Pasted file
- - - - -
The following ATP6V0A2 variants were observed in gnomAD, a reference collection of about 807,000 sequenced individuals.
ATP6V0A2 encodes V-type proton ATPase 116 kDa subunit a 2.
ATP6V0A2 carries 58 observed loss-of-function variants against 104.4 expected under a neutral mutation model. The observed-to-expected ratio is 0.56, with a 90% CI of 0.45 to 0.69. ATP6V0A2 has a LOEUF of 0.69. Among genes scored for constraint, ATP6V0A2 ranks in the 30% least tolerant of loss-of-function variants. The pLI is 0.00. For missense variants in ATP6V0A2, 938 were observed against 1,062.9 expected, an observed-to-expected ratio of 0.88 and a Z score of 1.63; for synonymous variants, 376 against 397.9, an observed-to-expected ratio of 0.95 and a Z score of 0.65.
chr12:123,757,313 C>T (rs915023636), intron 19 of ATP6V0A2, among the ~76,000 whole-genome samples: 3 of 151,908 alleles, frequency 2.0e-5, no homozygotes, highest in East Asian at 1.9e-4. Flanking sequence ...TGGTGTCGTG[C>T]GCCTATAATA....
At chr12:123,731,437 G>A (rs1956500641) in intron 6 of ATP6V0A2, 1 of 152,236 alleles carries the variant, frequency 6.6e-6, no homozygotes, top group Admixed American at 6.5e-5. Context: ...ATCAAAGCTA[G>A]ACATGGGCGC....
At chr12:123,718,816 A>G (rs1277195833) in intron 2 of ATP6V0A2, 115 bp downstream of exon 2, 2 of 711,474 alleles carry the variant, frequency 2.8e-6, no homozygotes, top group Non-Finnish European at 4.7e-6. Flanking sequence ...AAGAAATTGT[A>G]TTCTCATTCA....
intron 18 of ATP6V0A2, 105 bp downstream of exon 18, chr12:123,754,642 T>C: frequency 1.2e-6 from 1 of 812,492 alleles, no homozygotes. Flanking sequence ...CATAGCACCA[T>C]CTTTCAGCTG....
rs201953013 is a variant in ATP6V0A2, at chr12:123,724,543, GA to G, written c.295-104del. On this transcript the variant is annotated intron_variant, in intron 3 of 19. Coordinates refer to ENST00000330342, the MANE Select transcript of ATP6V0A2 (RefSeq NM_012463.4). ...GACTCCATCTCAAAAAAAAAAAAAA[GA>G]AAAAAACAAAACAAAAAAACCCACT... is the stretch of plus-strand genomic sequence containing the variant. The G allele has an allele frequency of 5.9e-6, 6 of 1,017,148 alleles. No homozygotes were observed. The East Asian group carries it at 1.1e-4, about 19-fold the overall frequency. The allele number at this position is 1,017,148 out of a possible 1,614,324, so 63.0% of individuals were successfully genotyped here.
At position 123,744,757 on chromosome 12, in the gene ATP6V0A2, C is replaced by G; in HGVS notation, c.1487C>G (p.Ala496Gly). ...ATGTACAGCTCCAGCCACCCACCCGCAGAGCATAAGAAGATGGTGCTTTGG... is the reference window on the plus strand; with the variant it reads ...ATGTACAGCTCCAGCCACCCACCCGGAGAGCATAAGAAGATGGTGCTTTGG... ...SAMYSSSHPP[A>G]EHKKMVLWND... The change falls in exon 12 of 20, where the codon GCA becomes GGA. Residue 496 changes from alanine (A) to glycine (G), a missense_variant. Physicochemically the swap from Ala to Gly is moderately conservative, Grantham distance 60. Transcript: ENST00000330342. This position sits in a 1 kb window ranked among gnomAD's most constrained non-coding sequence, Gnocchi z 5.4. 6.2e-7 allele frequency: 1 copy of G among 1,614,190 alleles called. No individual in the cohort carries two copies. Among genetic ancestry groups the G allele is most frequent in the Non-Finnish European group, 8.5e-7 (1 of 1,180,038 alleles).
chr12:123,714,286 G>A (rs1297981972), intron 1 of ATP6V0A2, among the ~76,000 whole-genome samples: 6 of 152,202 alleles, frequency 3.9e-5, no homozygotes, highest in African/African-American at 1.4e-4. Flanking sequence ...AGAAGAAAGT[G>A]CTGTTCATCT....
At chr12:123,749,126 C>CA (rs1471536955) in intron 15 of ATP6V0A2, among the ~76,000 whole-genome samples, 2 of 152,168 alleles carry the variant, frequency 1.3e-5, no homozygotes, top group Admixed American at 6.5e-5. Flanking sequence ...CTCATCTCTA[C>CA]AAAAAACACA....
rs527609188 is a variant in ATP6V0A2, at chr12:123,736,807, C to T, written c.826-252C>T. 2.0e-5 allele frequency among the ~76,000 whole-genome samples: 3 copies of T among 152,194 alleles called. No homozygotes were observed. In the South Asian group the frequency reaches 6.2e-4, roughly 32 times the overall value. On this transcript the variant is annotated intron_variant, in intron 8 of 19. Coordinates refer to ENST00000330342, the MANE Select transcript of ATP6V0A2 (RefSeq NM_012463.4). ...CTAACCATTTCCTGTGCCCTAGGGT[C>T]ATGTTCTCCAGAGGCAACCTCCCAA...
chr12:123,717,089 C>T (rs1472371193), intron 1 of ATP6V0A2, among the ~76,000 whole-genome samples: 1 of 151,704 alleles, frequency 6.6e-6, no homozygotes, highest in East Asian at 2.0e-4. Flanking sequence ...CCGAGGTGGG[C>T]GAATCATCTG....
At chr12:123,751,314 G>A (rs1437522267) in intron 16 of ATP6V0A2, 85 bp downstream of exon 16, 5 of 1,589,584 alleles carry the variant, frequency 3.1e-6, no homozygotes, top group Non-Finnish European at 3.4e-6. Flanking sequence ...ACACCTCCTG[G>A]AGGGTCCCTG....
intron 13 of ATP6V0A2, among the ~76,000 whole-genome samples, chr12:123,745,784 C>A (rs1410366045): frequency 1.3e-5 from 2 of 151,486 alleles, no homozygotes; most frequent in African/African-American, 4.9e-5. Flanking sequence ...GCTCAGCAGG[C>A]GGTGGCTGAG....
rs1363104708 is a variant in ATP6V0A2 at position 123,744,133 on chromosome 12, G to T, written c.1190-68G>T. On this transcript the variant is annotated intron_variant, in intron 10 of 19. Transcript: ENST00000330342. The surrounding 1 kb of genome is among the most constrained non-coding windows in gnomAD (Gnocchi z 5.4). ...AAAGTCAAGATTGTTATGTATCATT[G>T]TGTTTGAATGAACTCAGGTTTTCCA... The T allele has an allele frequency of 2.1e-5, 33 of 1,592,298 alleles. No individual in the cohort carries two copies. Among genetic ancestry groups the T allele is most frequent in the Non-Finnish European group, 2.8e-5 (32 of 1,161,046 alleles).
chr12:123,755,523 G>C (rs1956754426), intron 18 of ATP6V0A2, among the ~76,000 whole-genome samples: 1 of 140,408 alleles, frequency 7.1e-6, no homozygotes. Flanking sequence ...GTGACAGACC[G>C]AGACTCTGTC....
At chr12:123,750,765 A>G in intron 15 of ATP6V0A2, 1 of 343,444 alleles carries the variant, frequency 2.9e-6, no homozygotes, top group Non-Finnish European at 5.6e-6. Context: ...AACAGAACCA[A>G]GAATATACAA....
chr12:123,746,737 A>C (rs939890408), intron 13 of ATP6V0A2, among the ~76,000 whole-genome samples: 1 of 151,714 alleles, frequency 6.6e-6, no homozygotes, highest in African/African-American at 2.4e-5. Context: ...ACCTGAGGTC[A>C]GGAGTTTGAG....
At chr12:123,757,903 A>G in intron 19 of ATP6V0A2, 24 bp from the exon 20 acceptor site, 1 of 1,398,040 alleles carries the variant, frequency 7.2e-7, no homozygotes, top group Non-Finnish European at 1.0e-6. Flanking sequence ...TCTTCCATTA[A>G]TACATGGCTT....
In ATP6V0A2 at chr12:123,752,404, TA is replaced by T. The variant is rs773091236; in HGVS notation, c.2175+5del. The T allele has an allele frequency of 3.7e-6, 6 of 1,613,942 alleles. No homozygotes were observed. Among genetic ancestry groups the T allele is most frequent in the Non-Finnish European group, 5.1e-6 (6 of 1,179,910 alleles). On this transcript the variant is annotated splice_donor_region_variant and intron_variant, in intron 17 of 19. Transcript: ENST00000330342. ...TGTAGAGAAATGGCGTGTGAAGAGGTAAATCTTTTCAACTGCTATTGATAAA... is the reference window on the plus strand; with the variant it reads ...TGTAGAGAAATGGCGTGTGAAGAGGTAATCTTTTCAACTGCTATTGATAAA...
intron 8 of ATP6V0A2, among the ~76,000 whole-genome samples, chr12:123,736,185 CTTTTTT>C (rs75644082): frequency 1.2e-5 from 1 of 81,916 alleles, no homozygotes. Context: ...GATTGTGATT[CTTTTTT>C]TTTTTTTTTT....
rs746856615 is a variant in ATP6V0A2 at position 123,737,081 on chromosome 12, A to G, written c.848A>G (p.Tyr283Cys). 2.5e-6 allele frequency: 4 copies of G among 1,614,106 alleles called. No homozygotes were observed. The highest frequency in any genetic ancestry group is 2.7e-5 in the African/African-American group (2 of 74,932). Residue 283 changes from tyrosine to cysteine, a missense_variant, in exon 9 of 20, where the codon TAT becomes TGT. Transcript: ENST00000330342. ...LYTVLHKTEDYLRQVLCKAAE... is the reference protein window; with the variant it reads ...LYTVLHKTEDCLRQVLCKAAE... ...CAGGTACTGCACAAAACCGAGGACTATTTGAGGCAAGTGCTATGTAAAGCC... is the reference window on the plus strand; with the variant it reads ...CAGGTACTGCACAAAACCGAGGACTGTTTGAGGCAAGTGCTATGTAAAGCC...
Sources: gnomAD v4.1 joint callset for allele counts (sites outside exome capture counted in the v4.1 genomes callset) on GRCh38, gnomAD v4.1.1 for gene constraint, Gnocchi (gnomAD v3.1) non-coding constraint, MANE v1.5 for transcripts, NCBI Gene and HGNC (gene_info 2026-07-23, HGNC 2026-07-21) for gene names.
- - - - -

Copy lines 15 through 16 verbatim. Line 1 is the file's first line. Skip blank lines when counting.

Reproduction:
intron 13 of ATP6V0A2, among the ~76,000 whole-genome samples, chr12:123,745,784 C>A (rs1410366045): frequency 1.3e-5 from 2 of 151,486 alleles, no homozygotes; most frequent in African/African-American, 4.9e-5. Flanking sequence ...GCTCAGCAGG[C>A]GGTGGCTGAG....
rs1363104708 is a variant in ATP6V0A2 at position 123,744,133 on chromosome 12, G to T, written c.1190-68G>T. On this transcript the variant is annotated intron_variant, in intron 10 of 19. Transcript: ENST00000330342. The surrounding 1 kb of genome is among the most constrained non-coding windows in gnomAD (Gnocchi z 5.4). ...AAAGTCAAGATTGTTATGTATCATT[G>T]TGTTTGAATGAACTCAGGTTTTCCA... The T allele has an allele frequency of 2.1e-5, 33 of 1,592,298 alleles. No individual in the cohort carries two copies. Among genetic ancestry groups the T allele is most frequent in the Non-Finnish European group, 2.8e-5 (32 of 1,161,046 alleles).